“Black Widow” #8 by Nathan Edmondson and Phil Noto feels even more haunted than usual, suffused with melancholia and the specters of what-might-have-beens. Natasha’s present has been dominated by her past. In this short piece, it’s not her guilt that fuels the engine of the story, but loss, even if the reader carries the burden of recognizing her loss. The issue is the saddest so far in tone.
The Winter Soldier makes an appearance, and the plot involving a train heist is just a MacGuffin to get Bucky and Natasha on the same page, so that he can be torn by longing, while she remains oblivious. The recap page at the front tells the reader all there is to know — Bucky remembers their old relationship while Natasha does not. The rest is just a play of emotions. Selective amnesia is found in nature less often than lottery winners, but it’s a useful plot device, especially for romance. Edmondson isn’t responsible for this part of Black Widow’s origin, but he plays it up for some sweet but awkward interactions, leaning heavily on what isn’t said vs. what is said to achieve an effect of unrequited love. “Black Widow” #8 is largely a relationship vehicle to give the reader another snapshot of who Natasha is now.
The subplot with Isaiah is stronger, with a lot more substance and just as much atmosphere in a lot fewer pages. He’s an interesting new character and his deadpan quips provide the only lightening humor in “Black Widow” #8. Isaiah’s an unusual sidekick and a foil to Black Widow, and the mystery of his own character development adds suspense to loosely tie the larger storyline together.
All the action in “Black Widow” #8 feels quiet, even when it might better with some noise. It’s not the anatomy, since Noto’s foreshortening and composition are exceptional. It’s the hushed quality of the linework and coloring. Noto’s visuals are best at making stillness and silence memorable, whether the scene is dramatic or mundane. The full page spread of Black Widow aerially cutting across Prague cityscape in sunlit chalklike white and sky blue is gorgeous, as is the quiet third of a doorframe that Isaiah passes though, rendered mysterious and luminous by yellow street lights and thread-thin paths of light rain falling across a glistening brass doorknob.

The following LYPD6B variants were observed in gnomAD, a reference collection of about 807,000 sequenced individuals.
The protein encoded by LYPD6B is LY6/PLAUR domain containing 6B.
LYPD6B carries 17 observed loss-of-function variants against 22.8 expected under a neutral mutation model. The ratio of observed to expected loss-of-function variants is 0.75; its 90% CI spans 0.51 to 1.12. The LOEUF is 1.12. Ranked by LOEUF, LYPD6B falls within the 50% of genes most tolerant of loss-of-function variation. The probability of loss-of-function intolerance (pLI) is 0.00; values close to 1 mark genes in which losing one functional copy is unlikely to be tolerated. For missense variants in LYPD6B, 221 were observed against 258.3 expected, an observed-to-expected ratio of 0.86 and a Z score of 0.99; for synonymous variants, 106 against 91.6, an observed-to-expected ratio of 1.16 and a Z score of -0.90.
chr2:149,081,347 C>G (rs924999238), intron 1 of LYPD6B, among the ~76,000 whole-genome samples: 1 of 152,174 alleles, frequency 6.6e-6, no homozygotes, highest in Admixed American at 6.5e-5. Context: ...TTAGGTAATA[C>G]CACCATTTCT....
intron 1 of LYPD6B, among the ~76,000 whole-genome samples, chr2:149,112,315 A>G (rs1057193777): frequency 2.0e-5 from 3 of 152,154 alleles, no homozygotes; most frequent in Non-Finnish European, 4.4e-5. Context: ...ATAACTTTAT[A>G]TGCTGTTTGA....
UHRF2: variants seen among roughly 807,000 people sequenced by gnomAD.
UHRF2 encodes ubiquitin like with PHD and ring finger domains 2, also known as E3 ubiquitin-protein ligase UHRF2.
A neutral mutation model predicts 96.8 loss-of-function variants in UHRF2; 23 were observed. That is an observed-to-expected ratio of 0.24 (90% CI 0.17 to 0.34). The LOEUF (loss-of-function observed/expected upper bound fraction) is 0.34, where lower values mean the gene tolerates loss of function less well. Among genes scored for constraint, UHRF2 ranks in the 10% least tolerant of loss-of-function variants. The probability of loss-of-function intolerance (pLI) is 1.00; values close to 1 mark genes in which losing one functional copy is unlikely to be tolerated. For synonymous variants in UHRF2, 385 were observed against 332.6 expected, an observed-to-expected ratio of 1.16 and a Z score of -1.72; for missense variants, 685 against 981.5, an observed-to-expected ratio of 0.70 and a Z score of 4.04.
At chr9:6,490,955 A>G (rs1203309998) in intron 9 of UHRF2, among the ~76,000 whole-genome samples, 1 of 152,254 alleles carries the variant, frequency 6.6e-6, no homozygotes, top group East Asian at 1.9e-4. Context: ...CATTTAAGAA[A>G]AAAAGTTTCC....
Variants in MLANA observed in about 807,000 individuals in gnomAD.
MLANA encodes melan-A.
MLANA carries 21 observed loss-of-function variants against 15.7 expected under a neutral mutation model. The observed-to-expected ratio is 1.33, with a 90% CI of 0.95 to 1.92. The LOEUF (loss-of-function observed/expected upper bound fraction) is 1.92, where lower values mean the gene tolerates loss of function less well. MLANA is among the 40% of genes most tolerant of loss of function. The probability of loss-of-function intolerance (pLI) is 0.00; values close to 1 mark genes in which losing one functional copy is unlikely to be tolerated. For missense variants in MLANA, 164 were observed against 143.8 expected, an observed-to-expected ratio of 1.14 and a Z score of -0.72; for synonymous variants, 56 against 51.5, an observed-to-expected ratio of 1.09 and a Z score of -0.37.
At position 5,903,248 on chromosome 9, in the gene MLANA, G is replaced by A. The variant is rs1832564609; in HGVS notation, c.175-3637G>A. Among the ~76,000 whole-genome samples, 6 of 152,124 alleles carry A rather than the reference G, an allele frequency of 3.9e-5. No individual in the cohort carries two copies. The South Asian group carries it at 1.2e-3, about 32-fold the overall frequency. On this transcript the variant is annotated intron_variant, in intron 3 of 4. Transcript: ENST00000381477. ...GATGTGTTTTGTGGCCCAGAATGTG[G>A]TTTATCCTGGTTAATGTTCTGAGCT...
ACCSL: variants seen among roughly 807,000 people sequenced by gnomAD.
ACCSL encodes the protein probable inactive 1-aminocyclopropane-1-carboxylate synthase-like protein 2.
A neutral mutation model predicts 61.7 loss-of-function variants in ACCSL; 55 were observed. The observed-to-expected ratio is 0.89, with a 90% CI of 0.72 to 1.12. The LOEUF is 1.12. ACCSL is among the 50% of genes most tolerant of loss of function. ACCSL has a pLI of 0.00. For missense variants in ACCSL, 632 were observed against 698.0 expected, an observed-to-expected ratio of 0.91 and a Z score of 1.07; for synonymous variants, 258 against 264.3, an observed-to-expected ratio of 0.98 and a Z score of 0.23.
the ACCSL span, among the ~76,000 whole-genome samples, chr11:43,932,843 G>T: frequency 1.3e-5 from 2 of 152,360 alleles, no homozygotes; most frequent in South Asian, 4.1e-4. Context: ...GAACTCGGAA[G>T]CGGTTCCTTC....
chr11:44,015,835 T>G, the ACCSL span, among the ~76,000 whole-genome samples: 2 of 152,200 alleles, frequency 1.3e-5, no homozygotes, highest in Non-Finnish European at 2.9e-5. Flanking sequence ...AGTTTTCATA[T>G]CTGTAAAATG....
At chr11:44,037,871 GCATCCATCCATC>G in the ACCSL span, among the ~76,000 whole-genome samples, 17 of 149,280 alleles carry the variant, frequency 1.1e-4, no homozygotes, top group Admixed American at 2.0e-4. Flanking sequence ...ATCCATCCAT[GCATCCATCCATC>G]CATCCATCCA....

The setting, the train and all the guns and shooting are just window dressing, though. Bucky and Natasha’s team-up is less about their compatible abilities and much more about the tension between Bucky’s intact recollections vs. Natasha’s rewritten memory. It’s a teaser, and the reader might feel an echo of Bucky’s frustration. Fans who want to see real espionage action will be disappointed at the lack of substance to the action, since it’s just a backdrop to Natasha and Bucky’s non-reunion. That’s one of the flaws of “Black Widow” as a series so far. The connective tissue runs only through the character and not through any of the action. While Natasha can handle the spotlight and the weight, all the action feels thin because it’s just a mirror to her soul. The plot of “Black Widow” would benefit if it was less interior exploration.
Although Edmondson’s narrative approach has drawbacks, it succeeds in its goals. “Bitter Cold” is aptly named, from Noto’s white-and-blue color choices to Natasha’s words in the last panel that reinforce two losses, from past and present, that make her yet more alone.